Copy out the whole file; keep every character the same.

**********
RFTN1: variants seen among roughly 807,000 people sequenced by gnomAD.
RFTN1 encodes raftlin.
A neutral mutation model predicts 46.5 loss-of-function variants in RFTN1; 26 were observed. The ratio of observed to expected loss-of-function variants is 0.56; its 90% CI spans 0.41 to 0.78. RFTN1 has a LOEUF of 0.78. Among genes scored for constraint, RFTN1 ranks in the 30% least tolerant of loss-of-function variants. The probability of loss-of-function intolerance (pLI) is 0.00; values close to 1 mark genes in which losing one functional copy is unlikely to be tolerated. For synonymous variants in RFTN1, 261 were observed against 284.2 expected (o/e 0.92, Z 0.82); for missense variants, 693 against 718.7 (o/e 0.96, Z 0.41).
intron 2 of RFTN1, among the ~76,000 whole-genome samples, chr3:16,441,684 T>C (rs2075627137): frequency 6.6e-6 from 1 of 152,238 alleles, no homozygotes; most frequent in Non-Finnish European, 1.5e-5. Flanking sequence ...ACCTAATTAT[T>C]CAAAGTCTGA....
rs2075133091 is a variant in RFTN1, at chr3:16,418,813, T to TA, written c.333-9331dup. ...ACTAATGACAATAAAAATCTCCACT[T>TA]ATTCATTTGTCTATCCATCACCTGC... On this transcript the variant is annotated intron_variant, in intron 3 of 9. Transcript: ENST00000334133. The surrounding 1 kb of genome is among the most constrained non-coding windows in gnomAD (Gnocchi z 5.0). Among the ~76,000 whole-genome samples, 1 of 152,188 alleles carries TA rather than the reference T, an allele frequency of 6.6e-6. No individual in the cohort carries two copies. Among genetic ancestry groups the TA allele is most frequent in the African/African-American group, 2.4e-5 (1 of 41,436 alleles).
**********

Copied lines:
RFTN1: variants seen among roughly 807,000 people sequenced by gnomAD.
RFTN1 encodes raftlin.
A neutral mutation model predicts 46.5 loss-of-function variants in RFTN1; 26 were observed. The ratio of observed to expected loss-of-function variants is 0.56; its 90% CI spans 0.41 to 0.78. RFTN1 has a LOEUF of 0.78. Among genes scored for constraint, RFTN1 ranks in the 30% least tolerant of loss-of-function variants. The probability of loss-of-function intolerance (pLI) is 0.00; values close to 1 mark genes in which losing one functional copy is unlikely to be tolerated. For synonymous variants in RFTN1, 261 were observed against 284.2 expected (o/e 0.92, Z 0.82); for missense variants, 693 against 718.7 (o/e 0.96, Z 0.41).
intron 2 of RFTN1, among the ~76,000 whole-genome samples, chr3:16,441,684 T>C (rs2075627137): frequency 6.6e-6 from 1 of 152,238 alleles, no homozygotes; most frequent in Non-Finnish European, 1.5e-5. Flanking sequence ...ACCTAATTAT[T>C]CAAAGTCTGA....
rs2075133091 is a variant in RFTN1, at chr3:16,418,813, T to TA, written c.333-9331dup. ...ACTAATGACAATAAAAATCTCCACT[T>TA]ATTCATTTGTCTATCCATCACCTGC... On this transcript the variant is annotated intron_variant, in intron 3 of 9. Transcript: ENST00000334133. The surrounding 1 kb of genome is among the most constrained non-coding windows in gnomAD (Gnocchi z 5.0). Among the ~76,000 whole-genome samples, 1 of 152,188 alleles carries TA rather than the reference T, an allele frequency of 6.6e-6. No individual in the cohort carries two copies. Among genetic ancestry groups the TA allele is most frequent in the African/African-American group, 2.4e-5 (1 of 41,436 alleles).